ALL NEW: The Next Generation of the Daily Decision system is now available to clients of Heritage Capital. The upgraded system utilizes swing trading and mean reversion strategies during neutral market environments, multiple indices for long positions, incremental moves in and out of the market, multiple managers and multiple strategies - with the overall goal being reduced volatility, fewer and less impactful whipsaws, and a "smoother ride." To learn more about the "Next Generation" system, Read the Research Report

    Turning to This Morning...

    With Russia not immediately responding to the weekend secession vote by regions in Ukraine, it appears that traders have shifted their focus to the data. Today, we will get retail sales numbers here in the U.S. Traders will be looking to see if the report support the thesis that the polar vortex-induced soft patch in economy has ended. Asian markets were mostly higher overnight while European bourses are fractionally so. U.S. futures are pointing slightly higher in the early going.

    Pre-Game Indicators

    Here are the Pre-Market indicators we review each morning before the opening bell...

    Major Foreign Markets:
    - Japan: +1.95%
    - Hong Kong: +0.41%
    - Shanghai: -0.09%
    - London: +0.09%
    - Germany: +0.59%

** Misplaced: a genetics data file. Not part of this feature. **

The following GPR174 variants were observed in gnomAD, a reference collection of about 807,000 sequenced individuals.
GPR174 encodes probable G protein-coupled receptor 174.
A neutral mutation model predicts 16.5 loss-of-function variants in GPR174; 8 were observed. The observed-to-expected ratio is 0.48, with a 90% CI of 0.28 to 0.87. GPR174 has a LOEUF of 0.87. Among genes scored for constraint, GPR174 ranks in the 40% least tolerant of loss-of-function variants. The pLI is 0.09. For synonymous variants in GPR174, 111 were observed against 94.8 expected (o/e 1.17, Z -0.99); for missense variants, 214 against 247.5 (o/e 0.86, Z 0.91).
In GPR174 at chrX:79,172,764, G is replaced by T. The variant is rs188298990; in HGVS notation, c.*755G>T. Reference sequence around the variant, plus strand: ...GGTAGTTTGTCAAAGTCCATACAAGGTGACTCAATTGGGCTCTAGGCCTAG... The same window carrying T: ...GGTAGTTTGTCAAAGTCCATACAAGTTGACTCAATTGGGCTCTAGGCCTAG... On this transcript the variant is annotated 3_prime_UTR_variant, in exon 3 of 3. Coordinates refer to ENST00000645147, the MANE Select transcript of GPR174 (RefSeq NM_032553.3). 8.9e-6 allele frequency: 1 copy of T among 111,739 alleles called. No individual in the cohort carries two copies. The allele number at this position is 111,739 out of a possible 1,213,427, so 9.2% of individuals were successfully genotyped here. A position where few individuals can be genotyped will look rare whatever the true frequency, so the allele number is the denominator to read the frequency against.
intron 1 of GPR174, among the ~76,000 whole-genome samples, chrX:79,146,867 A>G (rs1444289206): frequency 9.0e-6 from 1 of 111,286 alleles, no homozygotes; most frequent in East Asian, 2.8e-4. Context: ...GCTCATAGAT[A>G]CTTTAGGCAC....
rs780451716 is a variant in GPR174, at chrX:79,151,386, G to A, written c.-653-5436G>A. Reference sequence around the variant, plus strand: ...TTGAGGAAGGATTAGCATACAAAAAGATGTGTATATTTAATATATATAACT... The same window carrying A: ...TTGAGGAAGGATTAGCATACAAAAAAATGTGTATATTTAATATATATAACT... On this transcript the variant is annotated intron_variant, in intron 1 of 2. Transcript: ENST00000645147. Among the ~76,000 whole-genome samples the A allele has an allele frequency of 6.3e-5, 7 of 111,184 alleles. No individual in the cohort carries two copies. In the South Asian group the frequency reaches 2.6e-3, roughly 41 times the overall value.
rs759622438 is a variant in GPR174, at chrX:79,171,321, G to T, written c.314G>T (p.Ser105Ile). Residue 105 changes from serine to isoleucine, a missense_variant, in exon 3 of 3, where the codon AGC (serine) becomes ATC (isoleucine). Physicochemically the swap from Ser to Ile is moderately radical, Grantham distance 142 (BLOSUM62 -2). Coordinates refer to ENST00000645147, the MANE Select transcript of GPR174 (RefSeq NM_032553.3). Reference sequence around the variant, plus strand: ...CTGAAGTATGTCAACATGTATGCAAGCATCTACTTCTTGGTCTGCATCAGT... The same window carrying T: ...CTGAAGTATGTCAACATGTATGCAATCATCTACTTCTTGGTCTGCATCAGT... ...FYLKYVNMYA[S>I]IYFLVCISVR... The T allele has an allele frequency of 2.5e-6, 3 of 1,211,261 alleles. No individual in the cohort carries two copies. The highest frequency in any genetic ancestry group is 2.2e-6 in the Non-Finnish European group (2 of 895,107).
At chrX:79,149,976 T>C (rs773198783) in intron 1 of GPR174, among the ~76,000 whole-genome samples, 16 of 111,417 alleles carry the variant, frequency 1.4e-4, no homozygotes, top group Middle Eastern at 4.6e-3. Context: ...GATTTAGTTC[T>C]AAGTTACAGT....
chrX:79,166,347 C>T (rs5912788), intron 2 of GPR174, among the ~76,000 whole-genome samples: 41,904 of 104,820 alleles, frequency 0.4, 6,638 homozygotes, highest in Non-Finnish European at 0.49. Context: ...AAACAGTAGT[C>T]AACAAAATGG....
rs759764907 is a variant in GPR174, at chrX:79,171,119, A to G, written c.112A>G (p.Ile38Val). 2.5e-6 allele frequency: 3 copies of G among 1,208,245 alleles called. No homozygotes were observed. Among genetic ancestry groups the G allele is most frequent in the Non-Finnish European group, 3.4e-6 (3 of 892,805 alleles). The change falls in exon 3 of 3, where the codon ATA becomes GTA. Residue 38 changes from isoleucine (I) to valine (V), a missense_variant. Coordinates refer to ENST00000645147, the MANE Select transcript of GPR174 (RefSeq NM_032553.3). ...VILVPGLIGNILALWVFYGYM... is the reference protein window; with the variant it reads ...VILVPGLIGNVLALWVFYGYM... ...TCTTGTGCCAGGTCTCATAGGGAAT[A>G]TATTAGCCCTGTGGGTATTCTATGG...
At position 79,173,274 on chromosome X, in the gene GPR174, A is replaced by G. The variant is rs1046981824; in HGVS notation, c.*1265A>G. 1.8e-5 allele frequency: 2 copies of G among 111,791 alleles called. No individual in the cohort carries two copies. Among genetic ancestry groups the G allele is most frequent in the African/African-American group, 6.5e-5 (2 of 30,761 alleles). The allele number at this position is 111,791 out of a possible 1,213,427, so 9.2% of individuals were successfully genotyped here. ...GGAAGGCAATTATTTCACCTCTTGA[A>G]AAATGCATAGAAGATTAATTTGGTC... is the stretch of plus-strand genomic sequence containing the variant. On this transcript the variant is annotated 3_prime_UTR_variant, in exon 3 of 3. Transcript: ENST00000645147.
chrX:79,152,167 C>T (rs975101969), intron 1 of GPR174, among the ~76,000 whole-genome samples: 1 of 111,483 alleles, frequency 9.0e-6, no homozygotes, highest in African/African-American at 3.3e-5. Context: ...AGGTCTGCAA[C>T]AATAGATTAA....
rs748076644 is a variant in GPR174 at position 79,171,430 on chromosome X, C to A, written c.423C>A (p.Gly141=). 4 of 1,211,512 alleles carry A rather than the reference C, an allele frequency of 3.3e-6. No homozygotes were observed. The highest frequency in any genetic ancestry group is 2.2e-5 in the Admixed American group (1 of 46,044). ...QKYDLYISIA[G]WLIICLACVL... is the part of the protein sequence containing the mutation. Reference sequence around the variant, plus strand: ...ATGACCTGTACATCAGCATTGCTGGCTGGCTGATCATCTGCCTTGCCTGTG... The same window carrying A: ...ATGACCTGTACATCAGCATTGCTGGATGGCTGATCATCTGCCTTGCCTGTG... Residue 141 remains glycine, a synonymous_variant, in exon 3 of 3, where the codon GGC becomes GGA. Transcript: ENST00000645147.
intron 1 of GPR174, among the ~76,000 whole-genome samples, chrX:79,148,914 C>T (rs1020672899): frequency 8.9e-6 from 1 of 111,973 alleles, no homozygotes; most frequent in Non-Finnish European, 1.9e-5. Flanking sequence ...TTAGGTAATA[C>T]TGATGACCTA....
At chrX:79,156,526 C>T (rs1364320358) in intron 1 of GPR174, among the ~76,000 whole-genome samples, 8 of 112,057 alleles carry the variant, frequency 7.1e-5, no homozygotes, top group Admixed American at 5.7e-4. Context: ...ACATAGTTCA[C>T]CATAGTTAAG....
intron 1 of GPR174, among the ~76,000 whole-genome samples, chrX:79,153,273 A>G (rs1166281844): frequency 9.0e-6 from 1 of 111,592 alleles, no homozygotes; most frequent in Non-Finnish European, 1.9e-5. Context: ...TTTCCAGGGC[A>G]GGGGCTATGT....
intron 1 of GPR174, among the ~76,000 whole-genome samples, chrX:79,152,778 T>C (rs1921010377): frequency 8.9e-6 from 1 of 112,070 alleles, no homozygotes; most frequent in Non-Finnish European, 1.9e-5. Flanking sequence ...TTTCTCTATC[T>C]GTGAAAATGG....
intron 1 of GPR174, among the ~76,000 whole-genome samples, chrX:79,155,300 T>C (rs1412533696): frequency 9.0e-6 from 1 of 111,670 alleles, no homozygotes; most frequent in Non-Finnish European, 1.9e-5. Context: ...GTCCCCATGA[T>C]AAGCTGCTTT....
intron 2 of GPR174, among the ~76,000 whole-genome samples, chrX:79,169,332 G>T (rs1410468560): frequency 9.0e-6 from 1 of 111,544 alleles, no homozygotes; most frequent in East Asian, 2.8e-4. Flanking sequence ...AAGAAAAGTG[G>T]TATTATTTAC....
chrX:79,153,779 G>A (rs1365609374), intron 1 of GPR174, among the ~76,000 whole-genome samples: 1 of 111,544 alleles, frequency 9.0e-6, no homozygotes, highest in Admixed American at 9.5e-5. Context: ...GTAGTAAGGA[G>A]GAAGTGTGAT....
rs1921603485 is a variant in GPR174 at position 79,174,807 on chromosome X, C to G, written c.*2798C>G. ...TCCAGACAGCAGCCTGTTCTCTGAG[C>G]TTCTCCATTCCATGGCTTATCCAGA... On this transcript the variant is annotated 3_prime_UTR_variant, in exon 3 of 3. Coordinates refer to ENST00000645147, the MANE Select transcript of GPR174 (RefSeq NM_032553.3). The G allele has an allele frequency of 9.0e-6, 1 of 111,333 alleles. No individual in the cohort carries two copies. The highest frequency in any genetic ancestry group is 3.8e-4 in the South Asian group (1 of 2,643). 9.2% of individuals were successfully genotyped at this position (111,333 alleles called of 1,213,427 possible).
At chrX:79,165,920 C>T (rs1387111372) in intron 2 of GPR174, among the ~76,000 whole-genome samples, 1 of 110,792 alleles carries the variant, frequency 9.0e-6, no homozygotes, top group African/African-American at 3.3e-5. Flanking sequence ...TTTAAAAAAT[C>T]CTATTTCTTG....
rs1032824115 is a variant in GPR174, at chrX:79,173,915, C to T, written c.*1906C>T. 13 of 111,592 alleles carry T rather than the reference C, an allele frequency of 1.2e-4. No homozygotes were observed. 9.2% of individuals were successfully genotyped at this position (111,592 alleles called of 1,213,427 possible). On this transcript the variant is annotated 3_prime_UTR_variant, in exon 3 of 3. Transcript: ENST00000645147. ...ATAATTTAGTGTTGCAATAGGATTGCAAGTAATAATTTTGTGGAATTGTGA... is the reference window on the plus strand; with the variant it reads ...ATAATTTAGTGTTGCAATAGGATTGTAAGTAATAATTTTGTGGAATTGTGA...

- France: +0.16%
    - Italy: -0.67%
    - Spain: +0.02%

    Crude Oil Futures: +$0.57 to $101.16

    Gold: -$5.10 at $1290.70

    Dollar: lower against the yen, higher vs. euro and pound

    10-Year Bond Yield: Currently trading at 2.657%

    Stock Futures Ahead of Open in U.S. (relative to fair value):
    - S&P 500: +4.05
    - Dow Jones Industrial Average: +42
    - NASDAQ Composite: +9.42

    Thought For The Day...

    "Climb the mountain so you can see the world, not so the world can see you."

    Positions in stocks mentioned: none

    Follow Me on Twitter: @StateDave


    The opinions and forecasts expressed herein are those of Mr. David Moenning and may not actually come to pass. Mr. Moenning's opinions and viewpoints regarding the future of the markets should not be construed as recommendations. The analysis and information in this report and on our website is for informational purposes only. No part of the material presented in this report or on our websites is intended as an investment recommendation or investment advice. Neither the information nor any opinion expressed nor any Portfolio constitutes a solicitation to purchase or sell securities or any investment program. The opinions and forecasts expressed are those of the editors of StateoftheMarkets.com and may not actually come to pass. The opinions and viewpoints regarding the future of the markets should not be construed as recommendations of any specific security nor specific investment advice. One should always consult an investment professional before making any investment.